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Last week, Law360 quoted me in an article on marital status discrimination. (They timed it for Valentine’s Day; make of that what you will.)

The gist of the article is that marital status discrimination is something for employers to be mindful of.

And for that premise, I’m in agreement. Several states, including Connecticut, explicitly prohibit discrimination in employment on the basis of marital status.

In fact, it’s right there in Conn. Gen. Stat. 46a-60(b)(1):

It shall be a discriminatory practice in violation of this section. for an employer… to refuse to hire or employ or to bar or to discharge from employment any individual or to discriminate against any individual in compensation or in terms, conditions or privileges of employment because of the individual’s race, color, religious creed, age, sex, gender identity or expression, marital status, national origin, ancestry, present or past history of mental disability, intellectual disability, learning disability, physical disability, including, but not limited to, blindness, status as a veteran or status as a victim of domestic violence.

But what does that mean in practice?

A look to the definitions section has explanations for other protected categories, such as physical disability, but no such luck for marital status.

And it’s not as though there are lots of cases to draw guidance from. Last year, there were only 12 employment discrimination claims based on marital status filed at the CHRO. (That’s down from 31 claims just five years ago.)

There aren’t a lot of cases on the statute either but there is a Superior Court case from 1996 (Blackwell v. Danbury Hospital) that does try to tackle the issue and tries to figure out exactly what is covered. It was asked to address whether an anti-nepotism policy constitutes “marital status” discrimination.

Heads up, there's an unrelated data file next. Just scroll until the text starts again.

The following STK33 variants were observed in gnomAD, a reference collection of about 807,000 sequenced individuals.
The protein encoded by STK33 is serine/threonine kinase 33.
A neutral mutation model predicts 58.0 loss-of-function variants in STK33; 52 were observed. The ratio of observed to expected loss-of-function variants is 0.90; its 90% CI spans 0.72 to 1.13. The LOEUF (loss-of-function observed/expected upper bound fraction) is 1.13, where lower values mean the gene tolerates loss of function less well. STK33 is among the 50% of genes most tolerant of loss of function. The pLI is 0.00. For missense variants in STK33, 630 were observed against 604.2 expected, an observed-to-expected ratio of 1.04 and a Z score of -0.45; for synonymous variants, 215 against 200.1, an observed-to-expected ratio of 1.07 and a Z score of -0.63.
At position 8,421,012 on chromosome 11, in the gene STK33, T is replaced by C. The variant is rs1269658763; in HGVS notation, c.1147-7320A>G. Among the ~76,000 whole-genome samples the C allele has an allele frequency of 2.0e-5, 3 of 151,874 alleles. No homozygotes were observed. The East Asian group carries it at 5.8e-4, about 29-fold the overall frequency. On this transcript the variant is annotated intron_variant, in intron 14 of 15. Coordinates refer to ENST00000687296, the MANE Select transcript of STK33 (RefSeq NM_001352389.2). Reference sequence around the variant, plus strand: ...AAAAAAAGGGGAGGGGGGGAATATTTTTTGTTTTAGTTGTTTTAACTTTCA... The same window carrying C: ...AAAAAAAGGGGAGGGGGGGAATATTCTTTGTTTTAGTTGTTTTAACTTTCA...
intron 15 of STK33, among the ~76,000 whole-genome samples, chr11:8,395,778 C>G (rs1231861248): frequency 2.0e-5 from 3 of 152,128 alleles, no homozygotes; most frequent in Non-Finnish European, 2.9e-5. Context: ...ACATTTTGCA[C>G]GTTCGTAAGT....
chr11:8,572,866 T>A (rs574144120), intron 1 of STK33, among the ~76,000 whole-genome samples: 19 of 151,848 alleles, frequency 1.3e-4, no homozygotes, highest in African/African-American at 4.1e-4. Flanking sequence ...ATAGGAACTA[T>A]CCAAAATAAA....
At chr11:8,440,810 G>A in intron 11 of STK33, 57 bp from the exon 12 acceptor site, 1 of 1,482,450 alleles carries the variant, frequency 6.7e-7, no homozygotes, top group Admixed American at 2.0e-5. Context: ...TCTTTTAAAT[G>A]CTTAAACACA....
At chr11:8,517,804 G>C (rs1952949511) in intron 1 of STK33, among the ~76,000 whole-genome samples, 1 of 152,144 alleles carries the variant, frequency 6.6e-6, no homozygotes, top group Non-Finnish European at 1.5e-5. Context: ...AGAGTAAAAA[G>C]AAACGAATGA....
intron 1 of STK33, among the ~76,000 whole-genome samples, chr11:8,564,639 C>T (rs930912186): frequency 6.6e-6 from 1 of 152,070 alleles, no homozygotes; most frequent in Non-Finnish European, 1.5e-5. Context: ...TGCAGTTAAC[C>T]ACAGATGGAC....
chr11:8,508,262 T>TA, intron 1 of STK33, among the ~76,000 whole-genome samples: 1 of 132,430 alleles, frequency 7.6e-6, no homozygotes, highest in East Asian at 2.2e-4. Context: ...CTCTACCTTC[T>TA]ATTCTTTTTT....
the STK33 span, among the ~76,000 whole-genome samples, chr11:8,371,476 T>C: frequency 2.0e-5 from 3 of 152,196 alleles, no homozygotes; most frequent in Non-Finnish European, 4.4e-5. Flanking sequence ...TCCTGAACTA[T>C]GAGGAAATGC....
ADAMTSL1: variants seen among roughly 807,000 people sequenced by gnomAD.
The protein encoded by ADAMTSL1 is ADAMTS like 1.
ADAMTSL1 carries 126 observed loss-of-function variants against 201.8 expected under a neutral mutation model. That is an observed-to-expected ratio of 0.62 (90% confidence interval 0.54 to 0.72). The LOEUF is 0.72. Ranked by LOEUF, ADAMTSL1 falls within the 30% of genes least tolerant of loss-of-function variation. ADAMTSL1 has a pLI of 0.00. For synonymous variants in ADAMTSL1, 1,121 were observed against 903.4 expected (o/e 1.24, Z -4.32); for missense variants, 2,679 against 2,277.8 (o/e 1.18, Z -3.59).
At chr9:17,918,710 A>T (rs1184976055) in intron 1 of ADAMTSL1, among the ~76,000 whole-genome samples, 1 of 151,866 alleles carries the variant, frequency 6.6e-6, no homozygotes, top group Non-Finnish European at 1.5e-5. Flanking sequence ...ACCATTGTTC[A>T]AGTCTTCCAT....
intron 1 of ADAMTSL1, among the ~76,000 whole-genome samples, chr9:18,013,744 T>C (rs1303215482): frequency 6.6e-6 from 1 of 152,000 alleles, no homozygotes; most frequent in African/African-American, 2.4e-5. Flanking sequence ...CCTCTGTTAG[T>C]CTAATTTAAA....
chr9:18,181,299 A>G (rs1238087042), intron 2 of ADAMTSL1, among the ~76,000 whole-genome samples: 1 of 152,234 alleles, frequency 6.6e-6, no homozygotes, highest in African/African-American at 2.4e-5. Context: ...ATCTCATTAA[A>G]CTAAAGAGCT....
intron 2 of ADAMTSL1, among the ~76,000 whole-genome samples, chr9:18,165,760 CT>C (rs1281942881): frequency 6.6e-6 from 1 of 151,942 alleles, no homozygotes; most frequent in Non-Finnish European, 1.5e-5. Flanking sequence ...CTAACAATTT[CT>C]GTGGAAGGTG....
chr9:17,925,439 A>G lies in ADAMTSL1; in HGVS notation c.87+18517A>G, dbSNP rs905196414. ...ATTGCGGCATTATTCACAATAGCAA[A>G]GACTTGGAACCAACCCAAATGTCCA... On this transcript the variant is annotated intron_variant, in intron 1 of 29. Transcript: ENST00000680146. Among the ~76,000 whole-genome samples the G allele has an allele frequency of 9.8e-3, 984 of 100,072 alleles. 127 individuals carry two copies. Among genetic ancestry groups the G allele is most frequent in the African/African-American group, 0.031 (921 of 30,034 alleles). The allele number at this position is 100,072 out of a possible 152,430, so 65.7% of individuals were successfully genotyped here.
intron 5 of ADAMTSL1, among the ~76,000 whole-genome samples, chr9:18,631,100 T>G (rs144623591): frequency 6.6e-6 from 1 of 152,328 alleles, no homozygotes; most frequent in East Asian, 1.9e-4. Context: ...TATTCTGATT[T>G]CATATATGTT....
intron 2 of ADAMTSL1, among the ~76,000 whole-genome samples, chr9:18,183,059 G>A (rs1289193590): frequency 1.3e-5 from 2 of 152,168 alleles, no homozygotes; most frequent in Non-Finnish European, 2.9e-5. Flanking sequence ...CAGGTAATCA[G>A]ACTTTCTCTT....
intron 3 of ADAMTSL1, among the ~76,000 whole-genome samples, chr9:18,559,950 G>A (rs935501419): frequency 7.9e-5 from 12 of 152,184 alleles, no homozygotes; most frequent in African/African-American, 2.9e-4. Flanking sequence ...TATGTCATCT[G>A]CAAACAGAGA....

In looking at the legislative history, the court found that it’s only the individual status as single, married, separated, divorced, widowed that is in play with the statute and that the identify of the person’s spouse does not affect that status.

The court concluded that because, “the parties in the present action agree that the plaintiff was refused employment because of the identity of her spouse” and “the identity of her spouse is not a component of ‘marital status,'” the employer did not discriminate against the employee with its application of a anti-nepotism policy.

But in other jurisdictions outside of Connecticut, this analysis may be different; it was only by looking at the legislative history did the court reach its conclusion. Other courts have followed this analysis.

In any event, employers should be mindful of this oft-overlooked protected characteristic when making its employment decisions and be careful not to base its actions based on such status.